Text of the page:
Homework time: Major changes coming for transit riders this month

The countdown has begun–in just a few weeks, transit riders across King County face major changes as Metro Transit focuses bus service to serve more people, begins a pay-on-entry system and launches two new RapidRide lines serving downtown Seattle.

Thousands of riders will see changes to their routes starting Sept. 29. Dozens of routes will have different bus stops, travel on different streets or have changed schedules. Some low-ridership routes will be eliminated and buses moved to serve more people.

Riders can now go online and see a summary of the changes Metro has planned and use the online trip planner to map out which routes work best for them. Printed rider alert brochures will be distributed in coming weeks and teams of Metro personnel will be on the streets at the end of September and first week of October to answer rider questions.

Sept. 29, Metro also is transitioning to a pay-on-entry system on all buses. Eliminating the downtown Ride Free Area, which has been in place nearly 40 years, will raise needed revenue and preserve transit service. Riders should prepare for initial delays as lines form to pay fares when boarding.

Riders can speed up boarding times and be ready for the pay-on-entry system by getting an ORCA card. For those who relied most on the Ride Free Area to reach services in downtown Seattle, a free circulator shuttle will be implemented in association with the city of Seattle to serve those who need to access downtown human services and health resources.

Metro also is launching two new RapidRide lines Sept. 29, with frequent service and special features. RapidRide C Line will travel between downtown Seattle and West Seattle, and RapidRide D Line will travel between downtown Seattle and Ballard via Uptown.

Tools for riders
Metro Transit has many tools online, with more planned in coming weeks.
• Route changes and Metro’s online trip planner are online at metro.kingcounty.gov/up/scvchange.html
• Pay-on-Entry/Ride free area elimination information:
metro.kingcounty.gov/tops/bus/ride-free-area/changes.html
• RapidRide information page: metro.kingcounty.gov/travel-options/bus/RapidRide
• ORCA card information page: www.orcacard.com

General information about Metro Transit services is online at www.metro.kingcounty.gov.

7 thoughts on “Homework time: Major changes coming for transit riders this month

  1. It would be nice to have up-to-decided-route maps available now…before the change. But there isn’t any !!!!!!!!!!!!!!!!!!!!!!!!!!!!!!!!!!!!!!!!!!!!!!!!!!!!!!!!!!! Blah!!!!!!!!!!!!!!!!!!!!!!!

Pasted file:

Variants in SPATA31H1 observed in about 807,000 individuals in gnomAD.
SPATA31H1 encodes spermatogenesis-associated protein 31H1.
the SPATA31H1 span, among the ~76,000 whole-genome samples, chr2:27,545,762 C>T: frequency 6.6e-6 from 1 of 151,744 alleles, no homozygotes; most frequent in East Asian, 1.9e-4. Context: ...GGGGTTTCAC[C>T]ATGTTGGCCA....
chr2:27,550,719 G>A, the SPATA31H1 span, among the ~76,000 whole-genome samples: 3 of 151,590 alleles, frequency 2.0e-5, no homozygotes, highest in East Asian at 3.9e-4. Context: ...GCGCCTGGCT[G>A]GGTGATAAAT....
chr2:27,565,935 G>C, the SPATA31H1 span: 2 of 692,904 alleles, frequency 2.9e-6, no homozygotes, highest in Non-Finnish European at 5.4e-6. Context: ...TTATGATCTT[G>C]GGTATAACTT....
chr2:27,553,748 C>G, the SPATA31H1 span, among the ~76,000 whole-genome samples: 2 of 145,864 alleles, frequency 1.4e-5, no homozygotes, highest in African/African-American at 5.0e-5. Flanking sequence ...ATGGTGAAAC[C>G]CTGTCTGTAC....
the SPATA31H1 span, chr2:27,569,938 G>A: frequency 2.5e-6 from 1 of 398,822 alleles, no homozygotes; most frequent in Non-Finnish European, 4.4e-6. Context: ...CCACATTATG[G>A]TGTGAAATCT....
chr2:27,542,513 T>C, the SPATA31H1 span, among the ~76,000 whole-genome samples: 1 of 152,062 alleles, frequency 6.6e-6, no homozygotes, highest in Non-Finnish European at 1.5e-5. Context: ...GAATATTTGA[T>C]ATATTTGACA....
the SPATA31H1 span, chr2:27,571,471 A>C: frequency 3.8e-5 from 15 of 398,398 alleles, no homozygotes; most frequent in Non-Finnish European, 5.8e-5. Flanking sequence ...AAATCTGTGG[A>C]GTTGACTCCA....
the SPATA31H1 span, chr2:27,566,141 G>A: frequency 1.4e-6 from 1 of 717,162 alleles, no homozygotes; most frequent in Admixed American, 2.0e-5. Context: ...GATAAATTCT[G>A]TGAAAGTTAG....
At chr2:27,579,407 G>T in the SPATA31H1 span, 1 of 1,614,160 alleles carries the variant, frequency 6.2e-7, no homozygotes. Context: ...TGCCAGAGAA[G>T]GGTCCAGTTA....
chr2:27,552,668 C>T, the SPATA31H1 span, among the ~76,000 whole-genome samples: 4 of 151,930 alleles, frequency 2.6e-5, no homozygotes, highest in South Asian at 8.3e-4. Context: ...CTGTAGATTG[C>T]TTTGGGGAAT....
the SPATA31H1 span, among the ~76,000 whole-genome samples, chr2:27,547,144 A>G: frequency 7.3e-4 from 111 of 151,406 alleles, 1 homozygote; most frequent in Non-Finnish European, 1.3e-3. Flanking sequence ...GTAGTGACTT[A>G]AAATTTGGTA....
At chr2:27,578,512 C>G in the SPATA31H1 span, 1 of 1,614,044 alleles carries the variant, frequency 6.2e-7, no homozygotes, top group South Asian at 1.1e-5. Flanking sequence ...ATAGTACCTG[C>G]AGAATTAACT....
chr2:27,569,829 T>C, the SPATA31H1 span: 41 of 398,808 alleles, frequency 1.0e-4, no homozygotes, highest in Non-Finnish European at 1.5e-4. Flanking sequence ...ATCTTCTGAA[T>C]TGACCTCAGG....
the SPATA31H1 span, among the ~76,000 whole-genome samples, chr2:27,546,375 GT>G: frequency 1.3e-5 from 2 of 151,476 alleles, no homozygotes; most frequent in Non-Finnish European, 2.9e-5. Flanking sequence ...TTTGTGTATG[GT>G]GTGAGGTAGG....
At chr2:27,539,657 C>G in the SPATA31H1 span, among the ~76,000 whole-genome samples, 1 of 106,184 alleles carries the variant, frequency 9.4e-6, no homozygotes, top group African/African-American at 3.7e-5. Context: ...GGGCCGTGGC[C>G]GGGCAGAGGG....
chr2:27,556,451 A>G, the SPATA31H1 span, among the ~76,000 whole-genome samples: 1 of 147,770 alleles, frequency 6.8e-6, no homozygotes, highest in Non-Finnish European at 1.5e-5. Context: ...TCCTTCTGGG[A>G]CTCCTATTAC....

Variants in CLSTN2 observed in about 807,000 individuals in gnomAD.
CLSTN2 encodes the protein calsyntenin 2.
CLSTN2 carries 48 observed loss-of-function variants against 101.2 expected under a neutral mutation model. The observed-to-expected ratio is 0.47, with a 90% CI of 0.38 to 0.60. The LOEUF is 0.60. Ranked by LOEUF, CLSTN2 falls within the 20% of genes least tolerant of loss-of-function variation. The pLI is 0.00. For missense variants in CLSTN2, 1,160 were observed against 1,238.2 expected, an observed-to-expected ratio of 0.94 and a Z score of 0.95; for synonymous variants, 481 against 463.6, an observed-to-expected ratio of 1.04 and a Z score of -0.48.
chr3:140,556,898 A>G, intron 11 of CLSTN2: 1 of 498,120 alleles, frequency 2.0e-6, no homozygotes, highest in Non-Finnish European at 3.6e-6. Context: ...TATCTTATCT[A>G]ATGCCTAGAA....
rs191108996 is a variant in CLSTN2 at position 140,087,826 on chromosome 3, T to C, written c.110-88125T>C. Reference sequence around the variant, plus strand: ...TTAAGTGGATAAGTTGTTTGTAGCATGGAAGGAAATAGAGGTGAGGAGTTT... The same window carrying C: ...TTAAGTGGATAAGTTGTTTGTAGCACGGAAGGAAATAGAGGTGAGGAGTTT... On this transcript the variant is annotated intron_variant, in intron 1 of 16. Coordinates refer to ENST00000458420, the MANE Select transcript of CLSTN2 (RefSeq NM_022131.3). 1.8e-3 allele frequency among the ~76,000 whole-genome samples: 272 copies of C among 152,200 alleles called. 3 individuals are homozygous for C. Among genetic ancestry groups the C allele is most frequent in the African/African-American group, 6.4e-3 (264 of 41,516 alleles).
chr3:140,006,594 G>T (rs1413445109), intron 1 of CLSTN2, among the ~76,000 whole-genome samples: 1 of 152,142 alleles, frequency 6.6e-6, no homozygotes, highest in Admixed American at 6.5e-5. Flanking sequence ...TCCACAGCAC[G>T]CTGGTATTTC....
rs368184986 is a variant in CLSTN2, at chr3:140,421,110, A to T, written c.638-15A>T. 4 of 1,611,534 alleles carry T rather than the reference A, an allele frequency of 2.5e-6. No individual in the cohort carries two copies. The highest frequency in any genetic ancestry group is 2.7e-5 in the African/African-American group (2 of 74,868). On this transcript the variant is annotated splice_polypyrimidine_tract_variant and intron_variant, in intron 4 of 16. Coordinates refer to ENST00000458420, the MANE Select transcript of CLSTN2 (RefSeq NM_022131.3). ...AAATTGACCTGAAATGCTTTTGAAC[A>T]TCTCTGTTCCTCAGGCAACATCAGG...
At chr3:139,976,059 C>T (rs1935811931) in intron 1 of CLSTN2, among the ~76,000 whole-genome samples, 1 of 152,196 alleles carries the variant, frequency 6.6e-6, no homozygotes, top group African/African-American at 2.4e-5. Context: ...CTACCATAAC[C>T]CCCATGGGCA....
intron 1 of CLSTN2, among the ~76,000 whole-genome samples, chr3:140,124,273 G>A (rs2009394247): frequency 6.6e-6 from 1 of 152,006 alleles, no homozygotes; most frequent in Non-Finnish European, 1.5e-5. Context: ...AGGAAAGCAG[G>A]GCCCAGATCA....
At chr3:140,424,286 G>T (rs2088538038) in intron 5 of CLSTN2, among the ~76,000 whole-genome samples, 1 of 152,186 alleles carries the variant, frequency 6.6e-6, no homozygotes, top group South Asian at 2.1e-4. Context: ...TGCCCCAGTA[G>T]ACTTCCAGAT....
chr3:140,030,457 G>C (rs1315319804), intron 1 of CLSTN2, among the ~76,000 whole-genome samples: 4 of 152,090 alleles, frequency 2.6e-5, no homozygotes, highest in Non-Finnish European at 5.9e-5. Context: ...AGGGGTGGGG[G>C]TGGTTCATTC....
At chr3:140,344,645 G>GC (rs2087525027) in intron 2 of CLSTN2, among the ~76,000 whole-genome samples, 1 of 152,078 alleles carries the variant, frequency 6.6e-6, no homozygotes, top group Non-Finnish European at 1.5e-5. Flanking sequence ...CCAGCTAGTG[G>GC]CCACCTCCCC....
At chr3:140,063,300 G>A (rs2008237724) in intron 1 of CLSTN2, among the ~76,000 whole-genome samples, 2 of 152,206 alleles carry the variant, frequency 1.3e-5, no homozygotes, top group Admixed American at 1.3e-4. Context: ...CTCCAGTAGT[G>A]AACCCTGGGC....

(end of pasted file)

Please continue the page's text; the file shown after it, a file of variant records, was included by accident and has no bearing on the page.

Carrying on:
2. Regarding the 15E – I know there are 6 trips in the morning and 6 in the afternoon. What I don’t know is when these will run. Will I still take the 6.24am from Blue Ridge and be at my desk at 7.00am in the morning as usual to deal with the offices of my company that operate in the other time zones in the US? And what time will the buses run in the afternoon to take me home?

  3. Route 50 is poorly planned in my opinion. The ONLY reason I started commuting by bus is because I have been able to take the bus 39 or 34E from Seward Park to Downtown Seattle. Route 7 is horrible to take when all I want to do is to do is get to work and home peacefully and safely. After serveral un-nerving experiences on the 7 at different times of the day, I decided to stop taking the bus and drove to work. Then, a year later I happened to notice the 39 bus stop, once I learned it came downtown I tried it. It was a better bus, a better environment and a lovely route. I was sold. I just never thought that if there was a change, it would not stop through downtown at all. It makes NO sense to have a route go from seward park to west seattle without stopping downtown first. Yes, it probably makes send on paper to have a straight line, but when you live in the area and have a limited number of buses that can take you downtown, the straight line to west seattle really makes not sense! I think the people who are implementing these plans are absolutely not considering those people who work downtown and live in seward park. As a woman, this was the only route that I felt safe on….now that is gone. PLEASE CONSIDER REINSTATING EITHER BUT 39 OR BUS 34E….OR BOTH! WE LOVE OUR ROUTE!

  4. Tia, you can take the 50 to transfer to the light rail to get downtown. I’m a guy, but I know what you mean about the 7, and you just don’t see that kind of behavior on the train.

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